And data-mined. For all the legitimate issues of privacy invasion that are raised by the 2016 election, there does seem to be something weirdly selective about who we choose to demonize. Mark Zuckerberg, the chairman and CEO of Facebook, sold data to Cambridge Analytica, which was wrong, but we have made him the whipping boy for a social-media experiment that let the genie of fake news out of the bottle, and now there’s no way to stuff it back in. Cambridge Analytica, Russian bots and trolls: These are the forces that liberal culture, and a movie like “The Great Hack,” now blames for Trump’s victory. I’m not suggesting that Russian interference in our elections is anything to be blasé about, but the larger issue of fake news transcends these propaganda machines. Breitbart, Alex Jones, other sinister alt-right megaphones, and the millions of American trolls who are inspired by them: They were already doing the job just fine.
At one point, “The Great Hack” makes a big deal of targeting Cambridge Analytica for creating a “Defeat Crooked Hillary” meme with cartoon handcuffs, as if this were some smoking gun. Basically, that meme was a bumper sticker. I despise its message, but the legions of Middle Americans who have deluded themselves into thinking that Donald Trump represents anything but corporate interests certainly have the right to elevate “Defeat Crooked Hillary” with handcuffs into a campaign slogan. Sorry, but that’s what the First Amendment is about. It’s a right that transcends the sleaziness of data-mining.
As crafted by Karim Amer and the gifted documentary veteran Jehane Noujaim (“The Square,” “Startup.com”), “The Great Hack” lays out the nuts and bolts of the Cambridge Analytica scandal with graphic energy and skill, yet it wedges the issues into a fight-the-power paradigm that’s cloying and simplistic. Alexander Nix, the CEO of Cambridge Analytica, makes for a terrific villain: an elegant handsome “civilized” corporate opportunist, with perfect manners and no scruples. (He ultimately led the company into using “honey traps” and bribery.) But a documentary like this one also needs its whistleblower protagonist, and Brittany Kaiser, who emerges as the “conscience” of the movie, plays the role with a little too much relish. She started, as 21, as an intern on the Obama campaign, helping to run its Facebook page, then became the director of business development for Cambridge Analytica. When the company was called on the carpet by the pink-haired data scientist Christopher Wylie, she decided she’d had enough and decided to come clean and clear her name. She says that she got tired of “making excuses for old white men.”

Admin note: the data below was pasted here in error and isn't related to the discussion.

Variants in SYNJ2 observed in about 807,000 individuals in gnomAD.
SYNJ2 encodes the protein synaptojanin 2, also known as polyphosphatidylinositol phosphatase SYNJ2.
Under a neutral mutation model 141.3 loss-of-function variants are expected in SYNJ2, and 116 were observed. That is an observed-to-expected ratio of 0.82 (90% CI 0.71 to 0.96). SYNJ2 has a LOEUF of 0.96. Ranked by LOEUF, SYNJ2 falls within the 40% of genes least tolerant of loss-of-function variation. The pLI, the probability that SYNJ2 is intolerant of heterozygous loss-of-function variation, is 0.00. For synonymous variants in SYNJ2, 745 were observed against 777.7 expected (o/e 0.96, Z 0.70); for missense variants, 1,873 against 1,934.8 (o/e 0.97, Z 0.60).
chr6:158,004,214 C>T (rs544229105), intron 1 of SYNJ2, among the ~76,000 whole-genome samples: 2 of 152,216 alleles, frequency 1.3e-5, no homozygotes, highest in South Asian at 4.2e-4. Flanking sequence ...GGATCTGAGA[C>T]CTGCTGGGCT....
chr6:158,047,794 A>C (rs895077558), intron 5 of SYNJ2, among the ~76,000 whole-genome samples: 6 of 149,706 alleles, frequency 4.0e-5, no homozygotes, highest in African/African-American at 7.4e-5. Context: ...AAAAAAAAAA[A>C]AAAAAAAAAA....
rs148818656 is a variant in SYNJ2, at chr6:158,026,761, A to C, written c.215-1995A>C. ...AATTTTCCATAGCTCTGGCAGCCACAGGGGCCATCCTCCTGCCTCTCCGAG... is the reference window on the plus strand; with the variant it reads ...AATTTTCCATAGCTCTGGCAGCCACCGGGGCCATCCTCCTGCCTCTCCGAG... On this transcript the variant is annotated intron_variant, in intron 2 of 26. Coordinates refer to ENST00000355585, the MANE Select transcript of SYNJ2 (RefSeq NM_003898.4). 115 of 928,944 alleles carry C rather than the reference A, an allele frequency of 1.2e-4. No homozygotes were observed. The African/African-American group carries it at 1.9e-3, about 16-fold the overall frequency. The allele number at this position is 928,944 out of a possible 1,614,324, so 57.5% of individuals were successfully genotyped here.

In “The Great Hack,” we see her watching Alexander Nix’s testimony at a hearing and snorting at his denials. But Brittany Kaiser, who at Cambridge Analytica enjoyed such perks as having the keys to Steve Bannon’s townhouse, clearly liked being at the center of the action, and she still does. In the flamboyance of her guilt (and, mostly, her newfound moral superiority), she invests Cambridge Analytica with more power than it had. So does the movie, which is all too eager to point its finger at a company that used data to target “persuadables” and sell them lies. But what gets lost in that accusation is the agency of the voters themselves. Ultimately, they got bamboozled not because of micro-targeting but because they fell prey to a charismatic huckster named Donald Trump. Until liberal culture comes up with an irresistible alternative to him, we can blame the messenger of fake news all we want, but the fakery can’t be legislated away. It can only be defeated by a return to the power of truth.